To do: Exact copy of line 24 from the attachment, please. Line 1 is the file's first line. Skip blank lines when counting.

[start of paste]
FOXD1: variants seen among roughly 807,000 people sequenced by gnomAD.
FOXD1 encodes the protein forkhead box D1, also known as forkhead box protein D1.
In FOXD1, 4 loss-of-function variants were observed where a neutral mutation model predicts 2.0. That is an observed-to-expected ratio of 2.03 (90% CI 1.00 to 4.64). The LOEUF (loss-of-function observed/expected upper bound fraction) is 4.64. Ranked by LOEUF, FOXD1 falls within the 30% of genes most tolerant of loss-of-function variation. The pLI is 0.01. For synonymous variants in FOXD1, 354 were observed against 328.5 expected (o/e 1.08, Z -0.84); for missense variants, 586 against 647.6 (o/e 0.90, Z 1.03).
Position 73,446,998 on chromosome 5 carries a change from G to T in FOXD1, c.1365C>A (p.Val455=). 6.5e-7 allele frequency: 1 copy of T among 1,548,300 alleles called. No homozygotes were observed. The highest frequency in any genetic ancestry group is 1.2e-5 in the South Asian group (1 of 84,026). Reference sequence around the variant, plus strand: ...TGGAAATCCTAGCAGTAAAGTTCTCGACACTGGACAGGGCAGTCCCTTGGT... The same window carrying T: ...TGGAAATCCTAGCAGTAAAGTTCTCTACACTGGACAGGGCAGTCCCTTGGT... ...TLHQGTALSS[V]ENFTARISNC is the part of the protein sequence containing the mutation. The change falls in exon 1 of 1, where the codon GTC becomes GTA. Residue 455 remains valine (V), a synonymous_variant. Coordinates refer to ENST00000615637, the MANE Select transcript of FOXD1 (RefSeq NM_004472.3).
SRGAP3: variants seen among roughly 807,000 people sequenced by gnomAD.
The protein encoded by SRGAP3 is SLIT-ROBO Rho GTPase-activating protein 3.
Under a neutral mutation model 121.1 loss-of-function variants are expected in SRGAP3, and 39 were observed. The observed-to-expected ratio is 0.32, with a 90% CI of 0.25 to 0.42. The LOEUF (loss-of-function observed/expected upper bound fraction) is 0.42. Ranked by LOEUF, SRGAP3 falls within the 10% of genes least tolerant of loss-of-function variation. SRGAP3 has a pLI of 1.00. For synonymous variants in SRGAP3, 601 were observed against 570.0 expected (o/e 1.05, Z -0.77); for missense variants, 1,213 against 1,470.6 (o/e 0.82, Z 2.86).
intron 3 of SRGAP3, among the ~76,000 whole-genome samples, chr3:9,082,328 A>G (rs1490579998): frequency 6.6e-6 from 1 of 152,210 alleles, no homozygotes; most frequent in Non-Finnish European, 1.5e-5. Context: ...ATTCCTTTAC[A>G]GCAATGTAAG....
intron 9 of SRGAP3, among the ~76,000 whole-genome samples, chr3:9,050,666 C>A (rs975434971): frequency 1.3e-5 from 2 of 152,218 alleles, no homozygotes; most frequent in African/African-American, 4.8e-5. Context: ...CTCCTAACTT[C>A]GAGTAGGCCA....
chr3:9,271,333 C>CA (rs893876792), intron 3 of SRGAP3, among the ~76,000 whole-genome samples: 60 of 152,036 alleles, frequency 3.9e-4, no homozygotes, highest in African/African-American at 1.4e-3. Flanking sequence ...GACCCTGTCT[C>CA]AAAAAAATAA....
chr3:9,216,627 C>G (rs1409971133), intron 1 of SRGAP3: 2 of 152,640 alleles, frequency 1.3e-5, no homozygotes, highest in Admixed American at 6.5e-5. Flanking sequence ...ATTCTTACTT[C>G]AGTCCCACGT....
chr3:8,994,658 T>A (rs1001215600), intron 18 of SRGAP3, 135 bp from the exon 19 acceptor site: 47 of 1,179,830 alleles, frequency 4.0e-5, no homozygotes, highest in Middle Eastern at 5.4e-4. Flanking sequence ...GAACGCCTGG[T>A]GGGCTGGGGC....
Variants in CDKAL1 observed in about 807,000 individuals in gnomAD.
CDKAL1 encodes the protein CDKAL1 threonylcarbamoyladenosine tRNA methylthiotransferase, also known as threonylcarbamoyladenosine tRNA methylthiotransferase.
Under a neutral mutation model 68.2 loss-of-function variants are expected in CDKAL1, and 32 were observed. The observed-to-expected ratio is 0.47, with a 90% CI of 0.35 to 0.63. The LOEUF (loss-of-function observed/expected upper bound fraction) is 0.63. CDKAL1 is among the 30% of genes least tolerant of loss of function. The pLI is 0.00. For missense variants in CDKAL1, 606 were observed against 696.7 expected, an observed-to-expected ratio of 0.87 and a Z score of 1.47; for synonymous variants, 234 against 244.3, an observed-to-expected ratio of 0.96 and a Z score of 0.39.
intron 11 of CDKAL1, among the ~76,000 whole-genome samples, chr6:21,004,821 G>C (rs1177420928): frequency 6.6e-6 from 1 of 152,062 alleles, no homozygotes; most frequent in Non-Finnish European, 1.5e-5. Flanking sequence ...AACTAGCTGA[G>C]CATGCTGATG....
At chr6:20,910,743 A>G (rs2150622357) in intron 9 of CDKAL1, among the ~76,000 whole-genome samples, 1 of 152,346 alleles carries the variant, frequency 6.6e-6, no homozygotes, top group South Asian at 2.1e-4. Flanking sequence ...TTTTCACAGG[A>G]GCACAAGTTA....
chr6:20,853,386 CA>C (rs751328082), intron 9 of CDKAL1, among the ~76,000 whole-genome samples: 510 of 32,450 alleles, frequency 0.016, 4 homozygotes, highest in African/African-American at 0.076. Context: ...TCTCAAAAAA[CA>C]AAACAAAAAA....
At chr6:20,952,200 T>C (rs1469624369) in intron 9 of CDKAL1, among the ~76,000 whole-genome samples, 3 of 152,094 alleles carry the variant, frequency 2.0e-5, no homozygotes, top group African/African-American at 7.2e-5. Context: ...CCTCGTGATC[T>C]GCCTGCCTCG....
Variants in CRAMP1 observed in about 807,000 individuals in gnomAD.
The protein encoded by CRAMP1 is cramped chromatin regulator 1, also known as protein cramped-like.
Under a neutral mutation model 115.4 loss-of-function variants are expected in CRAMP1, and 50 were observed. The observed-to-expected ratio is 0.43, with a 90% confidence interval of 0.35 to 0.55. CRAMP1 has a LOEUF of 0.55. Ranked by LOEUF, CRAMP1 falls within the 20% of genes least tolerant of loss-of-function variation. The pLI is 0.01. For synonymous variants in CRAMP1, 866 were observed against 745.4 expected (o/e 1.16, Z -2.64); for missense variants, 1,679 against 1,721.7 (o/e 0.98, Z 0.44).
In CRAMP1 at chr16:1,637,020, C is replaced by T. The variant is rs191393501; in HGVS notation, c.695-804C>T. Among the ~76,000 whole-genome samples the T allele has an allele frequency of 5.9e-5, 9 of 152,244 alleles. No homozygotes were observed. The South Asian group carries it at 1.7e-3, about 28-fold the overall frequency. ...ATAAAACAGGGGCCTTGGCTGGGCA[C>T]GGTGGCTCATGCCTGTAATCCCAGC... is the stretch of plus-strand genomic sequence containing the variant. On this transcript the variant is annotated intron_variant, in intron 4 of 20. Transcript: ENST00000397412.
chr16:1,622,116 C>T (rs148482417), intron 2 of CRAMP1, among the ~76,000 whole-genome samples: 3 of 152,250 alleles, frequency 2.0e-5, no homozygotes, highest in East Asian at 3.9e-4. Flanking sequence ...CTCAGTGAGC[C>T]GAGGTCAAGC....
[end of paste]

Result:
chr16:1,622,116 C>T (rs148482417), intron 2 of CRAMP1, among the ~76,000 whole-genome samples: 3 of 152,250 alleles, frequency 2.0e-5, no homozygotes, highest in East Asian at 3.9e-4. Flanking sequence ...CTCAGTGAGC[C>T]GAGGTCAAGC....